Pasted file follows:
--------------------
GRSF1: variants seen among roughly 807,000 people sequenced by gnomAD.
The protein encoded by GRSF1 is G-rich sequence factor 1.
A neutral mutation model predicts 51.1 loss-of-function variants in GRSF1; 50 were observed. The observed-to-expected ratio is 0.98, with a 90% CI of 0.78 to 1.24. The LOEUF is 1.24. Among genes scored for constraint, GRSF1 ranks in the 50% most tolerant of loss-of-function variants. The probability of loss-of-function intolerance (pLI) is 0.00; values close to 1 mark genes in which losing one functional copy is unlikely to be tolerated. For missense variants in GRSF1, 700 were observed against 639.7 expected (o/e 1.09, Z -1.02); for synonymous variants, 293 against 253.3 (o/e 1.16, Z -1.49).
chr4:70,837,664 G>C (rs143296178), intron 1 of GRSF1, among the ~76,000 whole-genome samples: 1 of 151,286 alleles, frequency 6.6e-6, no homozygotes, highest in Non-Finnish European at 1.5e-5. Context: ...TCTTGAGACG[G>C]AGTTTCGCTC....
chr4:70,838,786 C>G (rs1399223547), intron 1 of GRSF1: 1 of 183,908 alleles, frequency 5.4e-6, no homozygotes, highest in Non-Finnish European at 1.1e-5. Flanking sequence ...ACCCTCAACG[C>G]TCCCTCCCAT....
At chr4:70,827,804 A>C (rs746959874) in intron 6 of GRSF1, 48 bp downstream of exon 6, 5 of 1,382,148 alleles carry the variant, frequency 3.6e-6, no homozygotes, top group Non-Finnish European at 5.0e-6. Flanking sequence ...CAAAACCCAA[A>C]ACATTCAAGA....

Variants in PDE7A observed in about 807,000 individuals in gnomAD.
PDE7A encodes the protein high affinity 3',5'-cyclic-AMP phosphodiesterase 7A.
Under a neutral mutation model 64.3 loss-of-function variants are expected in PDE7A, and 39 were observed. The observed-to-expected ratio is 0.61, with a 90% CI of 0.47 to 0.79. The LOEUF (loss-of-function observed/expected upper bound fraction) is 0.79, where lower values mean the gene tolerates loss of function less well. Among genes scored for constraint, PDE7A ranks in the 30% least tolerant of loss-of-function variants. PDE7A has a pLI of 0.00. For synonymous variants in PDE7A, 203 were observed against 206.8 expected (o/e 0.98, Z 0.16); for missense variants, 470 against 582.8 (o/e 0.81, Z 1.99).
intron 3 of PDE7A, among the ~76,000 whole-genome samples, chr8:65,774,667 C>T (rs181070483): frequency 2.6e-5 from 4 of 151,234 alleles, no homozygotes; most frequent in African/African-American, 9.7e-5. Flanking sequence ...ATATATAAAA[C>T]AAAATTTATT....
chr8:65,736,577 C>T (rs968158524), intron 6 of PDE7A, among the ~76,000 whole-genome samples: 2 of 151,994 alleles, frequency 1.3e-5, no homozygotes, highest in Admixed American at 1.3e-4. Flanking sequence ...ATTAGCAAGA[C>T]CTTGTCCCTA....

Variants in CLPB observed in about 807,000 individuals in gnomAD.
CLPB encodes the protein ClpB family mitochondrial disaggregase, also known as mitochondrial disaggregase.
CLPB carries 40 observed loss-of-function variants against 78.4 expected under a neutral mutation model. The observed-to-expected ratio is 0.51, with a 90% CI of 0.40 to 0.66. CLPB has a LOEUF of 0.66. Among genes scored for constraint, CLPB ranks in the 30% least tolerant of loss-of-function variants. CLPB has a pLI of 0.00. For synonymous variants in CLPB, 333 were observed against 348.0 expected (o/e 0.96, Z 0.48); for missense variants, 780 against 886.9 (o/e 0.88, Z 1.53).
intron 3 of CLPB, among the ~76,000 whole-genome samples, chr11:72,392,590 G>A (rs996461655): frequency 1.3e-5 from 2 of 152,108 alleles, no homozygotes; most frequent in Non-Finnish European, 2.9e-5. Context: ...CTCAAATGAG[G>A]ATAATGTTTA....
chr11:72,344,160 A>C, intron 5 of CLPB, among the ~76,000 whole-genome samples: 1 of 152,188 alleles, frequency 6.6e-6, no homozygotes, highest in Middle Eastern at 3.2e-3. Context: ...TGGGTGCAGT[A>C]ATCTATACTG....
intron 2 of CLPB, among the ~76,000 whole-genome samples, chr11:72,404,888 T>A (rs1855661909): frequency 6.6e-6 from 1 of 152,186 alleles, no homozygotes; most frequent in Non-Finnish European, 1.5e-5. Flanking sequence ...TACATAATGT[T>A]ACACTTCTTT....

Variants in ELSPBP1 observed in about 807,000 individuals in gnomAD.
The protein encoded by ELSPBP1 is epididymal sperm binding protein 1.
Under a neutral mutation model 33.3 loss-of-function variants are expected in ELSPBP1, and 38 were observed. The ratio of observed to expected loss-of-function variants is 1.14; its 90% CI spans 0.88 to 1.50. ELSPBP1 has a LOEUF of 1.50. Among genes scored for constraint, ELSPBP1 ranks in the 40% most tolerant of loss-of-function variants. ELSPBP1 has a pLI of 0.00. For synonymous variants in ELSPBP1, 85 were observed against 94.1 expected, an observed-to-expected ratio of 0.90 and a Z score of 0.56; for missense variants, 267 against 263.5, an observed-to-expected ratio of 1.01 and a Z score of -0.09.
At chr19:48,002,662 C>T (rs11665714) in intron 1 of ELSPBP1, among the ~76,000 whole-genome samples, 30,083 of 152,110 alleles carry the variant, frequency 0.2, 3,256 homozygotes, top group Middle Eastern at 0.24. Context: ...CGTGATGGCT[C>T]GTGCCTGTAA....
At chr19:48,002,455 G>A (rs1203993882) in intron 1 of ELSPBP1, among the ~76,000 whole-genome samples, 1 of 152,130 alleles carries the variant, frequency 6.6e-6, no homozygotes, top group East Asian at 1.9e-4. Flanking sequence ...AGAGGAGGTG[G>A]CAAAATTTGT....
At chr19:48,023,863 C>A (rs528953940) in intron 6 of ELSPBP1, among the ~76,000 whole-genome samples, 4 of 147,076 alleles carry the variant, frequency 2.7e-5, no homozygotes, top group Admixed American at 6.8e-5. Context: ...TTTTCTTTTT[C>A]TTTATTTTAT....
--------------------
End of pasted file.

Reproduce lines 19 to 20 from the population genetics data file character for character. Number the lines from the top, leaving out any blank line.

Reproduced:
The protein encoded by ELSPBP1 is epididymal sperm binding protein 1.
Under a neutral mutation model 33.3 loss-of-function variants are expected in ELSPBP1, and 38 were observed. The ratio of observed to expected loss-of-function variants is 1.14; its 90% CI spans 0.88 to 1.50. ELSPBP1 has a LOEUF of 1.50. Among genes scored for constraint, ELSPBP1 ranks in the 40% most tolerant of loss-of-function variants. ELSPBP1 has a pLI of 0.00. For synonymous variants in ELSPBP1, 85 were observed against 94.1 expected, an observed-to-expected ratio of 0.90 and a Z score of 0.56; for missense variants, 267 against 263.5, an observed-to-expected ratio of 1.01 and a Z score of -0.09.